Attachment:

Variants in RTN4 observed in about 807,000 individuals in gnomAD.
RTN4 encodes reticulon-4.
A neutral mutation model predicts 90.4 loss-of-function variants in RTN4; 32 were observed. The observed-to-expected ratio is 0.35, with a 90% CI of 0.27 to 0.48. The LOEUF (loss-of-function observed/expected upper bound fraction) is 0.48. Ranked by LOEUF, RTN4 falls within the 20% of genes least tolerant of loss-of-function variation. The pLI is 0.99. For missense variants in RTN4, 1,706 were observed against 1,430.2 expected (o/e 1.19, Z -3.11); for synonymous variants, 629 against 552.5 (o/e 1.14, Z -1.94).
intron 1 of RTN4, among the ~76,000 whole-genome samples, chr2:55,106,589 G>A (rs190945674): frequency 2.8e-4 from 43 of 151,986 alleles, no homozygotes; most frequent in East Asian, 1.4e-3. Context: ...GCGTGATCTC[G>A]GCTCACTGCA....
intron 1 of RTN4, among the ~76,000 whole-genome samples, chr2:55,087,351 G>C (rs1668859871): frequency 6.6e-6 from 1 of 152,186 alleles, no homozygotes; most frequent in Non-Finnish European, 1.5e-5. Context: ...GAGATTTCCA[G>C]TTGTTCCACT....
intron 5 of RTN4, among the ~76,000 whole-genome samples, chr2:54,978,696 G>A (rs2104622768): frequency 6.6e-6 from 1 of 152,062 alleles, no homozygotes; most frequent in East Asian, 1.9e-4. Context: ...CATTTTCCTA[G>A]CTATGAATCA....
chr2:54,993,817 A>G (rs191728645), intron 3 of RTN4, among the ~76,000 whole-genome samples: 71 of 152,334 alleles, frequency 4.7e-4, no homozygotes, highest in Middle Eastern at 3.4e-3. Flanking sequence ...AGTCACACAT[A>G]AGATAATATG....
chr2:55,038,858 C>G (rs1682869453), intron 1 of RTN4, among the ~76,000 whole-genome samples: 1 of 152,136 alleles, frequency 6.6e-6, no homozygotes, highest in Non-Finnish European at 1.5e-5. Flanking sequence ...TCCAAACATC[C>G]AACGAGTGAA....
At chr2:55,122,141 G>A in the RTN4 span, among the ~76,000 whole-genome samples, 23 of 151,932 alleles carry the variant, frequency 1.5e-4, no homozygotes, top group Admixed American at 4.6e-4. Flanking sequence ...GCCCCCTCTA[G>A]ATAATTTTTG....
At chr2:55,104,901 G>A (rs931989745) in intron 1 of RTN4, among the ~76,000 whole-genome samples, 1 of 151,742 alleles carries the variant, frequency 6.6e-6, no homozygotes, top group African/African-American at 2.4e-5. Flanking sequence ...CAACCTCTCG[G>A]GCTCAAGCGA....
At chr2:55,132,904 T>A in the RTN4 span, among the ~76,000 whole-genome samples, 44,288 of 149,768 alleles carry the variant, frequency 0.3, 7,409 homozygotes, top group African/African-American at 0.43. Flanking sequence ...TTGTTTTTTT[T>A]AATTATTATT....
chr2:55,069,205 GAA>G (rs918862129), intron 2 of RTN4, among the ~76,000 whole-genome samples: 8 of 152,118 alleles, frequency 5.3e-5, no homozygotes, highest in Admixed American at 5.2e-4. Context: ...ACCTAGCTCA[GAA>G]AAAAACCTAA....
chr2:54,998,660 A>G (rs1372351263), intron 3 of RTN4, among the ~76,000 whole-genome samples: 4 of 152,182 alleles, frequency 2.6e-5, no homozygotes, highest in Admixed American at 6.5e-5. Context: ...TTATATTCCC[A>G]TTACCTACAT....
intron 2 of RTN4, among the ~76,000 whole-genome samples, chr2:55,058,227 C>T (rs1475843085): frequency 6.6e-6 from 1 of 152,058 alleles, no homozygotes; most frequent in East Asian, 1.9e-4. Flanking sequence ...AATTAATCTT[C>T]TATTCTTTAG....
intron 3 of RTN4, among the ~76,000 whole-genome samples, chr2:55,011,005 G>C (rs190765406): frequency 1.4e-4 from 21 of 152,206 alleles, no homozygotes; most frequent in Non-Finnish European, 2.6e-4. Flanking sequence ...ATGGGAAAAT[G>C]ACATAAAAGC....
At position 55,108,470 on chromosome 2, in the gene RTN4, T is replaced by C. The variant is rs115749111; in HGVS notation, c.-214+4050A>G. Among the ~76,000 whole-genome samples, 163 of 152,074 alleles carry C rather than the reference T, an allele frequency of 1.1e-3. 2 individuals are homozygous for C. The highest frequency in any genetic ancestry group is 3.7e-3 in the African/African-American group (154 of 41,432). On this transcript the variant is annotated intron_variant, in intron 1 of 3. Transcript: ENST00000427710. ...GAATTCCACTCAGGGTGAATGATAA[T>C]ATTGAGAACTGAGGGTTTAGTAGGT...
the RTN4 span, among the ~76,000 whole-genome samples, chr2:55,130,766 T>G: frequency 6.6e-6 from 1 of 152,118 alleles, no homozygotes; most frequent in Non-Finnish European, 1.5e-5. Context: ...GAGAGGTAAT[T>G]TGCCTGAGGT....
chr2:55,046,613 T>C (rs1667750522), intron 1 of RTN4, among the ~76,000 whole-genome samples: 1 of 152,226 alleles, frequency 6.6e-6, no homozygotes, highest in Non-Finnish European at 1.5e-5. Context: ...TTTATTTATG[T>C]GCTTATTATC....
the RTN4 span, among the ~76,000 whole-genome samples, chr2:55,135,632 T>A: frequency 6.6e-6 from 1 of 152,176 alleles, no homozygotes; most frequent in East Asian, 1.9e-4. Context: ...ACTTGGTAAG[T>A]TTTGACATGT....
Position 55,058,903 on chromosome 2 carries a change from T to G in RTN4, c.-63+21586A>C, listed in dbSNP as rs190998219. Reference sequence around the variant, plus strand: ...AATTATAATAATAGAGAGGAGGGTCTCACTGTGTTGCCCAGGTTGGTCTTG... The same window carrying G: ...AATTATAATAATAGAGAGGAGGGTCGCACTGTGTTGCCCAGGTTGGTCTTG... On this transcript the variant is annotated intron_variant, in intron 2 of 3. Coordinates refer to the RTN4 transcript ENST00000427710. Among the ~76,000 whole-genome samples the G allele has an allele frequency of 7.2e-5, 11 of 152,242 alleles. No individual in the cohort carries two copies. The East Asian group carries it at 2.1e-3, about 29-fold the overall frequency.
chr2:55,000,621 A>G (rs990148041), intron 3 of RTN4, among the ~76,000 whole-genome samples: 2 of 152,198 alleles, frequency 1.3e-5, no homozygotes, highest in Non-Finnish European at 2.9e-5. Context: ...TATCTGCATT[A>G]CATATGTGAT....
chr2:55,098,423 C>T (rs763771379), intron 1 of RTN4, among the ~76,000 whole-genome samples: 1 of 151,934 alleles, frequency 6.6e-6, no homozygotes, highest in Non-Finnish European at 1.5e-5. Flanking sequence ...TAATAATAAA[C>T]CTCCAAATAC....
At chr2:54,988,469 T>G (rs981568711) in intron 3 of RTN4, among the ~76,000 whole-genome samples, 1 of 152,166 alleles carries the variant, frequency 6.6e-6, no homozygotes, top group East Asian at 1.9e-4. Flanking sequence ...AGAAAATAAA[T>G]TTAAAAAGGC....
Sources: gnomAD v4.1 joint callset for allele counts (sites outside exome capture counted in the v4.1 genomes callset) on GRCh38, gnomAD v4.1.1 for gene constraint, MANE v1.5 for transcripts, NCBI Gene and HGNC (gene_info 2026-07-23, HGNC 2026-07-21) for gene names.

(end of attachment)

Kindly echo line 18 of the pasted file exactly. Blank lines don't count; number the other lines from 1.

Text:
chr2:55,046,613 T>C (rs1667750522), intron 1 of RTN4, among the ~76,000 whole-genome samples: 1 of 152,226 alleles, frequency 6.6e-6, no homozygotes, highest in Non-Finnish European at 1.5e-5. Context: ...TTTATTTATG[T>C]GCTTATTATC....